Four White Shirts tells the story of phone repairman Cēzars Kalniņš (played by Uldis Pūcītis, an idol of vulnerable masculinity), who is part of the Optimisti ensemble with his friends. They apply to obtain permission to perform publicly from the Soviet censors. Initially, culture committee member Anita Sondore – played by deep and intelligent Dina Kuple – criticizes their songs, only to develop some sympathy for Cēzars later on. But the wheels of censorship have started turning and won't slow down.
Sadly enough, the film's events predict those of its authors. Even though Four White Shirts was never banned officially, it was initially pulled for a while. This was, however, to last for almost twenty more years, until the film was premiered in 1986 under the title Breathe Deeply (Elpojiet dziļi). All the while, Priede's play – named thusly as it was the 13th play he wrote – was staged in Latvian theaters.
The film is supposed to have been pulled due to a scene depicting a meeting of the artistic committee, not found in the play.
The filmmakers had succeeded in depicting the office of the Central Committee boss with a much too uncanny precision, and they were further reproached for offending the participants of the Great Patriotic War, as a member of the committee was seen to be wearing military ribbons. The censors were not ready to see themselves as part of the Soviet absurd. The scene likewise toyed around with the use of the bureaucratese expression, "there is an opinion that".
Film critic Dita Rietuma has named Four White Shirts the all-time best Latvian film. The 1960s are associated with hippies, Woodstock, The Beatles and most of all with a hunger for freedom. Rolands Kalniņš was able to depict it, and this puts him alongside such names as Godard, Truffaut, Věra Chytilová, Andrzej Wajda and others.
The film is a breath of fresh air in Latvian cinema, the first piece to address what a young person feels upon entering the world of grown-ups.
Cinematographer Miks Zvirbulis did much to make the movie a success, framing shots with a seemingly easy and simple elegance, while at the same time documenting the city of Rīga as it was back then. It features shots with such lost phenomena as the St. Peter's Church sans the steeple, the Pontoon bridge over Daugava River, the Great Cemetery surrounded by a fence as well as the Ķīpsala neighborhood without the Press House. In accordance with New Wave cinema, local bohemian personalities are present in the film as well, such as artist Jāzeps Pīgoznis, composer Imants Kalniņš, poet Viks, director Oļģerts Kroders and others.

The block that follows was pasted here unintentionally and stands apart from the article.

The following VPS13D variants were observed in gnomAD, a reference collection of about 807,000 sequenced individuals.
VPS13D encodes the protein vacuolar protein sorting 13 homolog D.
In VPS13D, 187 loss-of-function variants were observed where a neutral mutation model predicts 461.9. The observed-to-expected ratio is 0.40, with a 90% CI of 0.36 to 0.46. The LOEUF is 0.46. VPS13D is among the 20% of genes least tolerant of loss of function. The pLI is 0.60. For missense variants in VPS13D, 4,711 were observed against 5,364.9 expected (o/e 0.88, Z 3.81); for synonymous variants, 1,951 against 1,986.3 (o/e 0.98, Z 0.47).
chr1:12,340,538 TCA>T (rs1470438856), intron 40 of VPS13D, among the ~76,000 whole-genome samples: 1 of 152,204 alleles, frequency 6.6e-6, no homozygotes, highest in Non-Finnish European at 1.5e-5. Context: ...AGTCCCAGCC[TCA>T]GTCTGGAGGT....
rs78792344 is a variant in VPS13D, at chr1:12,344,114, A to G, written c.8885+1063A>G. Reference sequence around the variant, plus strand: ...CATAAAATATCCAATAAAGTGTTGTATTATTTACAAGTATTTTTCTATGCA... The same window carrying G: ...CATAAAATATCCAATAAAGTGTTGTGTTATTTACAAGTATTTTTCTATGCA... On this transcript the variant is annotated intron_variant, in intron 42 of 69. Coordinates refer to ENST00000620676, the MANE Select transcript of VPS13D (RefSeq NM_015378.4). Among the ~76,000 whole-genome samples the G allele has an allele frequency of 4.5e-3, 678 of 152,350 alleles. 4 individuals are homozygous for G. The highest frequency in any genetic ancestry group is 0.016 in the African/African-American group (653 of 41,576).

It likewise stands out among Latvian movies in that music is an integral part of the dramatic material.
A contest was set up to find a composer for the film, with Imants Kalniņš the winner. He wrote seven songs for the film, with lyrics by poet Māris Čaklais. And these songs went on to become classics in their own right. Initially performed by bands from Liepāja port town, namely Santa and 2xBBM, the songs were later picked up by the famous Menuets ensemble. The songs Dzeguzes balss and Cik mēs viens par otru zinām, performed by Uldis Pūcītis in the film, were actually sung by actor Juris Strenga. Cēzars' girlfriend Bella was portrayed by young actress Līga Liepiņa. It was her silver screen debut, and she went on to star in Rolands Kalniņš' consecutive films.
Soviet censors likewise banned Kalniņš' Akmens un šķembas (1966), a film about Latvian legionnaires in the Second World War, from being screened, and then barred the director from completing the film Piejūras klimats. In 2017, the film was restored on the occasion of its 50th anniversary.
In 2018, it was screened at the Cannes Festival at the Cannes Classics program. It was met with standing ovations. A by-now elderly Kalniņš and Miks Zvirbulis were in France for this moment.
If you would like to watch the whole film, you can do so at the National Cinema Center's online archive of classsic Latvian films.